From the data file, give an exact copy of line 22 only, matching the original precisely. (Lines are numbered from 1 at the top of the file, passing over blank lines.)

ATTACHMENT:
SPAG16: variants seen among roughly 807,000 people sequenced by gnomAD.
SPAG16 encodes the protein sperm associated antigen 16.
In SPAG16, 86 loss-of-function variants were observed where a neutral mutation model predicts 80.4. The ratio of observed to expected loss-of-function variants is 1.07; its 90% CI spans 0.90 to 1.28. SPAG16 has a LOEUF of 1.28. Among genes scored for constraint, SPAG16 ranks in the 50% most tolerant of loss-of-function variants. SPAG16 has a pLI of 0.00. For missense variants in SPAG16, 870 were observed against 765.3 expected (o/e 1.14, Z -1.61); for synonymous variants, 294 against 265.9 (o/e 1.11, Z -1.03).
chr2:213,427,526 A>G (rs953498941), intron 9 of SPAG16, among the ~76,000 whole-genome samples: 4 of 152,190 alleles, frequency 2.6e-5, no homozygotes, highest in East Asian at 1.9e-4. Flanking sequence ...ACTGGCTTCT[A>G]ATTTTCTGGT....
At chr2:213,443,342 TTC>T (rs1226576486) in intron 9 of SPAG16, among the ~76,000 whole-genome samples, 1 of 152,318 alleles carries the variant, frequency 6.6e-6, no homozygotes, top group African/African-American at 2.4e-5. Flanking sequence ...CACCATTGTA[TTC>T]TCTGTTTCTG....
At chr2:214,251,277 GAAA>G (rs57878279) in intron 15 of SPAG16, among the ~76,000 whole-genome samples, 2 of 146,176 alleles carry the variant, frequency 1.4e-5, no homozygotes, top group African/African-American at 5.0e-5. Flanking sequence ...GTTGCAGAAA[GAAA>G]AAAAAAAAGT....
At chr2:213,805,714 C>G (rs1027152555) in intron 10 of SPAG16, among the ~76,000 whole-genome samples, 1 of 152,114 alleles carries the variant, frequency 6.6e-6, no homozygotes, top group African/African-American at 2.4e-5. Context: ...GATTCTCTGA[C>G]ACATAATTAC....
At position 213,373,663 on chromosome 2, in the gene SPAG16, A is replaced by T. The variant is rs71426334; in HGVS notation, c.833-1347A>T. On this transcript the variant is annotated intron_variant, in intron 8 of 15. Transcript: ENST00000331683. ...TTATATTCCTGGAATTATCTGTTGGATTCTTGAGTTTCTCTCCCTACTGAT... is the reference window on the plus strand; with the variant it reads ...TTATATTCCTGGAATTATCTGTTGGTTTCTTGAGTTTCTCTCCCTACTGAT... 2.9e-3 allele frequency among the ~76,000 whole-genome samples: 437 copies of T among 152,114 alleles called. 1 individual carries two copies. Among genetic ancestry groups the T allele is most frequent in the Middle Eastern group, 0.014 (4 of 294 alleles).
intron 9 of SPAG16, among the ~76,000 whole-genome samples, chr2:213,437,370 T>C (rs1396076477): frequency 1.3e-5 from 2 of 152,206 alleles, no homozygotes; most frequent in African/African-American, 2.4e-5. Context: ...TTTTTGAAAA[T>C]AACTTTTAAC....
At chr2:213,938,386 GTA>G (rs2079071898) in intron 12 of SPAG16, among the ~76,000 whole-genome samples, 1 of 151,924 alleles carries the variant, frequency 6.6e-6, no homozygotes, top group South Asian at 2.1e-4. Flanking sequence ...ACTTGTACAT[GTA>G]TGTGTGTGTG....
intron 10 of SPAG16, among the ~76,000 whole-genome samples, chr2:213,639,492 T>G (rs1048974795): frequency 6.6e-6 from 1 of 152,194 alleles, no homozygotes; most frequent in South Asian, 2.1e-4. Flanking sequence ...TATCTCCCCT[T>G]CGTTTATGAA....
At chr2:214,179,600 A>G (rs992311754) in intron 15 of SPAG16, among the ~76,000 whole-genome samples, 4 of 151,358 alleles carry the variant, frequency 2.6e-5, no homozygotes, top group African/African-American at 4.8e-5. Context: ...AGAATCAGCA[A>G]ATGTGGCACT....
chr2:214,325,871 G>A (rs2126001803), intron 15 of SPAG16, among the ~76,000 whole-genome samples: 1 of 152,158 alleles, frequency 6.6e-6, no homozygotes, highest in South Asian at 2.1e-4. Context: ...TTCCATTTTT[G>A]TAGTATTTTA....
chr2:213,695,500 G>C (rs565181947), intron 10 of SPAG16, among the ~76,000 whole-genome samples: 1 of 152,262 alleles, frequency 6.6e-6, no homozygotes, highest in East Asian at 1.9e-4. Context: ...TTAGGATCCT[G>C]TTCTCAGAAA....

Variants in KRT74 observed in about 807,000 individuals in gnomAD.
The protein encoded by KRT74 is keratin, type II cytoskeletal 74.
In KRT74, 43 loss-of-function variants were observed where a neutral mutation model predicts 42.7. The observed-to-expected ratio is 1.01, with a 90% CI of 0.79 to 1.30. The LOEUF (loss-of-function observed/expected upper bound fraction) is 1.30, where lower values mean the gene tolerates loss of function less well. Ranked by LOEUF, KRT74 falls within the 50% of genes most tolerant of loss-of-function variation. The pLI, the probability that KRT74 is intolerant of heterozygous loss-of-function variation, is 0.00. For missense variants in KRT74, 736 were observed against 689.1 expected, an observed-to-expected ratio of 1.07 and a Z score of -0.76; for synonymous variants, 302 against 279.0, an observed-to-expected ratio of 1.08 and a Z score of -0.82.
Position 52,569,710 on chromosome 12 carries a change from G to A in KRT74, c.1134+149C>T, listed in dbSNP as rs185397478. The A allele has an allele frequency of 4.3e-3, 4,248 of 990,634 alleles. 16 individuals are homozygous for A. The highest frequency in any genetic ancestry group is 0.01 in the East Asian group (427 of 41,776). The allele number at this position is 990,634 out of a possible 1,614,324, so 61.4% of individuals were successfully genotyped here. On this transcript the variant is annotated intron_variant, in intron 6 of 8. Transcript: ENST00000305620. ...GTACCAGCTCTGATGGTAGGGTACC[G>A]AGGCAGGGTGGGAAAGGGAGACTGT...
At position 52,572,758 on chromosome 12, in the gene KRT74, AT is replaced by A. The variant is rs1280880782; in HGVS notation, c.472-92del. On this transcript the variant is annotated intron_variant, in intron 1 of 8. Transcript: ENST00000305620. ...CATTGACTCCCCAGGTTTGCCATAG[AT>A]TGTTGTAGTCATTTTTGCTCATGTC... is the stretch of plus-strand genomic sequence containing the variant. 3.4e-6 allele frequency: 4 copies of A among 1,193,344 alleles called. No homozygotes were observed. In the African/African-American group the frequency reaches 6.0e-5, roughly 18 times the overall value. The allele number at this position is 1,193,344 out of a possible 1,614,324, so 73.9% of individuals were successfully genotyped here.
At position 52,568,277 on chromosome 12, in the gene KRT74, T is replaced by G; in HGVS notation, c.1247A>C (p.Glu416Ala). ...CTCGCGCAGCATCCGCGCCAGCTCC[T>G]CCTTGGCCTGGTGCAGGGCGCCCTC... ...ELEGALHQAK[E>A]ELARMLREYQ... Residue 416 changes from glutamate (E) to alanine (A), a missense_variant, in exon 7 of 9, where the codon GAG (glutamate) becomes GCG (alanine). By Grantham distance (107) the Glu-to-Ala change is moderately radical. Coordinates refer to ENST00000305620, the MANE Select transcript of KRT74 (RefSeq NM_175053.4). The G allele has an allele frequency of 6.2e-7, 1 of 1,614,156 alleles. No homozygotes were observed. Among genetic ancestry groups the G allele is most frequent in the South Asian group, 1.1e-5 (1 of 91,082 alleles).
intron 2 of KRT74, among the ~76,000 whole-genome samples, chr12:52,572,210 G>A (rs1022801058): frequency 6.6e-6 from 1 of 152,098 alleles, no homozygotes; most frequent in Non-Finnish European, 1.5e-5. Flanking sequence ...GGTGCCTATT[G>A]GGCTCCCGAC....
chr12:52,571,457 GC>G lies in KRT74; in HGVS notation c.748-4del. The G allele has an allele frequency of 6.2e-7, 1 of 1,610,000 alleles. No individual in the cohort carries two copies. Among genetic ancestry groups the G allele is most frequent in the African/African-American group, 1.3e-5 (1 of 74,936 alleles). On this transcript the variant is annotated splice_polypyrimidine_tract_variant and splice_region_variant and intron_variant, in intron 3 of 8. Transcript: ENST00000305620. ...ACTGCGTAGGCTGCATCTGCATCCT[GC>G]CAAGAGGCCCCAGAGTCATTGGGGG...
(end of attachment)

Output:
chr12:52,571,457 GC>G lies in KRT74; in HGVS notation c.748-4del. The G allele has an allele frequency of 6.2e-7, 1 of 1,610,000 alleles. No individual in the cohort carries two copies. Among genetic ancestry groups the G allele is most frequent in the African/African-American group, 1.3e-5 (1 of 74,936 alleles). On this transcript the variant is annotated splice_polypyrimidine_tract_variant and splice_region_variant and intron_variant, in intron 3 of 8. Transcript: ENST00000305620. ...ACTGCGTAGGCTGCATCTGCATCCT[GC>G]CAAGAGGCCCCAGAGTCATTGGGGG...